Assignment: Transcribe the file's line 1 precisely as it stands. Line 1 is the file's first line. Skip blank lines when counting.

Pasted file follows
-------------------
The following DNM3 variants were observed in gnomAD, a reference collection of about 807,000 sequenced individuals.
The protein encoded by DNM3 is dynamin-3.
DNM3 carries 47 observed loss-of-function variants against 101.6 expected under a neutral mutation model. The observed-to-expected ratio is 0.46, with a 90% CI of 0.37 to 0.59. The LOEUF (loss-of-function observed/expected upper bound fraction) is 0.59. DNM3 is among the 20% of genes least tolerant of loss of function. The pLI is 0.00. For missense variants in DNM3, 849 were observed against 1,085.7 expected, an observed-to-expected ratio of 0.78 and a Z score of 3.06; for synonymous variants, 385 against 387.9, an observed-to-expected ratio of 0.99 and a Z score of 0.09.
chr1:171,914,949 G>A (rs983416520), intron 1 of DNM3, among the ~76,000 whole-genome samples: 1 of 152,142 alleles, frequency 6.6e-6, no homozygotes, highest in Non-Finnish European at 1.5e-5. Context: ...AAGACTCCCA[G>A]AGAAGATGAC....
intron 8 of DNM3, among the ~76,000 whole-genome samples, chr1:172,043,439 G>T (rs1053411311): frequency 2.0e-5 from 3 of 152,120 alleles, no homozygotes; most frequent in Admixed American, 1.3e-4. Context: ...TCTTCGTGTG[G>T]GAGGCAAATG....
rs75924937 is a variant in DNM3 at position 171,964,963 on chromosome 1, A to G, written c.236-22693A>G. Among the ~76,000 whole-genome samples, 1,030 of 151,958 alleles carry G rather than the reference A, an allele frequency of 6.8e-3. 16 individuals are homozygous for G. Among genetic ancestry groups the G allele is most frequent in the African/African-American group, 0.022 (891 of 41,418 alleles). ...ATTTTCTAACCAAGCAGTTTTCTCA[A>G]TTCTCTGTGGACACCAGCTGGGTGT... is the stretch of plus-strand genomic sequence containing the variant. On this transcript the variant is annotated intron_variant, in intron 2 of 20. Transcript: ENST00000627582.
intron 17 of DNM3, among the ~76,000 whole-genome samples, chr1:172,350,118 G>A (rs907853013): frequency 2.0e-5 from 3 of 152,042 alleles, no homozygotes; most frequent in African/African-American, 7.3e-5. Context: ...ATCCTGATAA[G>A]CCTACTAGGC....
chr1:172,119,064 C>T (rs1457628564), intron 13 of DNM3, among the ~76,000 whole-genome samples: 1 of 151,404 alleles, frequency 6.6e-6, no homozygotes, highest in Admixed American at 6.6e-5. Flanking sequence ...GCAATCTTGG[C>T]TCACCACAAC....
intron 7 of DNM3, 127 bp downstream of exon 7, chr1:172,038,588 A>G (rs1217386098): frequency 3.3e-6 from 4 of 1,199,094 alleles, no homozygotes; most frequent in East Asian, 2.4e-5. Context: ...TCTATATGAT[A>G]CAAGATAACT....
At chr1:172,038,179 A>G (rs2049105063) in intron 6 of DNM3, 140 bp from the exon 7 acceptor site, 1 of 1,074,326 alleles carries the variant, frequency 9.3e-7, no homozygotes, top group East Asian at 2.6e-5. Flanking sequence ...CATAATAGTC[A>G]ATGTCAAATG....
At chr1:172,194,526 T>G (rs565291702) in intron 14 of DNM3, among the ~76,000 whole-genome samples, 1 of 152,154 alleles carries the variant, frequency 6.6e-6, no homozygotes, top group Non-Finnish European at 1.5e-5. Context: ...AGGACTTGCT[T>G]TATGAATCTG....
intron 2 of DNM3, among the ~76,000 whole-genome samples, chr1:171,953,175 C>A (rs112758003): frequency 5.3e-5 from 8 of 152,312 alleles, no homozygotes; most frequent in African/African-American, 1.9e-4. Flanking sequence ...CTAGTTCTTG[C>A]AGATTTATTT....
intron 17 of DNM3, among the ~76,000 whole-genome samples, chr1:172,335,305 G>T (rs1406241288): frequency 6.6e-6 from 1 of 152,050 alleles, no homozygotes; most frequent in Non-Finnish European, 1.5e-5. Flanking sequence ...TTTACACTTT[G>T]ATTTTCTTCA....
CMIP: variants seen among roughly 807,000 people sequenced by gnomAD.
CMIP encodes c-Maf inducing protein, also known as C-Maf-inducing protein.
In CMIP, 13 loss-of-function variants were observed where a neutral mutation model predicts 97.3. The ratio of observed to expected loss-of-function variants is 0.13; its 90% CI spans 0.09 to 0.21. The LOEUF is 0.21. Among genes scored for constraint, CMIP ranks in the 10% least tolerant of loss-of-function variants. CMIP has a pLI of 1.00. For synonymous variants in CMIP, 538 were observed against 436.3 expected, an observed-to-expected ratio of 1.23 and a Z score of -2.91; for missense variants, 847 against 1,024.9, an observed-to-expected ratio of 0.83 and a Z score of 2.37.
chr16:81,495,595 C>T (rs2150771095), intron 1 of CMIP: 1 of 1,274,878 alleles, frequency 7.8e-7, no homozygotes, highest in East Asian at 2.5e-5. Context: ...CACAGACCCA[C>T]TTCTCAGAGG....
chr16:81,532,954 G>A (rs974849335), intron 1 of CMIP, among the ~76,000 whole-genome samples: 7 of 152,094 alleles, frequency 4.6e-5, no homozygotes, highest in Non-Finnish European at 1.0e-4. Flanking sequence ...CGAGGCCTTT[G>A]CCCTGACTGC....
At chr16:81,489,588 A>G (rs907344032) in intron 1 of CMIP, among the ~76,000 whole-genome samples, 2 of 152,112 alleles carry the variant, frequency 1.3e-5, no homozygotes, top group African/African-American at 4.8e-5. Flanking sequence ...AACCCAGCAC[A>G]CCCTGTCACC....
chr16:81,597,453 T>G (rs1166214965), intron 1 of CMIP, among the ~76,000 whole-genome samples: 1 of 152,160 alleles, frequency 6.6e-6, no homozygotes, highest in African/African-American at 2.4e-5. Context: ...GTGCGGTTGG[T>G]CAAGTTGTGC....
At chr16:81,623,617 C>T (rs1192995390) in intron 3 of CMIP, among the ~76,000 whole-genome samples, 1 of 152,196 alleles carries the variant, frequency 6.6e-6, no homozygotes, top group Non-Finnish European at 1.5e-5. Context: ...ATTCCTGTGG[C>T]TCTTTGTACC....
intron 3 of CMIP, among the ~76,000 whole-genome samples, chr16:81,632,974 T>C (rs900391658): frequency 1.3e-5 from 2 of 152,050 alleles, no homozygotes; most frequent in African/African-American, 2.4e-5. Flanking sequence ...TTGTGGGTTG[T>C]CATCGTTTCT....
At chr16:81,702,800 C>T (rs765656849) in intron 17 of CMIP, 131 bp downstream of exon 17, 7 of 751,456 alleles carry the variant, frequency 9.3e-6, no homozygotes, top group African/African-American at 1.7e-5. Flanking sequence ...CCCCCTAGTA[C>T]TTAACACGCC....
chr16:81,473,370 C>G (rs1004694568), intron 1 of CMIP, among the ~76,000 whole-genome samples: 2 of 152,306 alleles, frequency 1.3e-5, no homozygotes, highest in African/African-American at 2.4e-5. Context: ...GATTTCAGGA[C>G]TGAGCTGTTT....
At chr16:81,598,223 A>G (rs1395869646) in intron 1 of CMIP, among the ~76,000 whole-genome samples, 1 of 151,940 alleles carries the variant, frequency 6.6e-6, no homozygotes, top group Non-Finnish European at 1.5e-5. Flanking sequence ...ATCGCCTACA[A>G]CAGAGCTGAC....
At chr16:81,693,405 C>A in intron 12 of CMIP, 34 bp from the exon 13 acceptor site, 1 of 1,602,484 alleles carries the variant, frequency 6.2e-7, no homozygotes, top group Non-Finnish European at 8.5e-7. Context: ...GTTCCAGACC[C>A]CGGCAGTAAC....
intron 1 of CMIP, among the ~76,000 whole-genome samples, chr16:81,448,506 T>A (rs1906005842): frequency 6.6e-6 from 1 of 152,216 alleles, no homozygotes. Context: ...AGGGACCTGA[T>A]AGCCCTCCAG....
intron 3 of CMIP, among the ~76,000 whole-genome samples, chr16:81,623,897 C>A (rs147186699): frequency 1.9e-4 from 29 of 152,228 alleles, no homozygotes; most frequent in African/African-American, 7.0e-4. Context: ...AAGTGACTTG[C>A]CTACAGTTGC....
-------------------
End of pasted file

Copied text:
The following DNM3 variants were observed in gnomAD, a reference collection of about 807,000 sequenced individuals.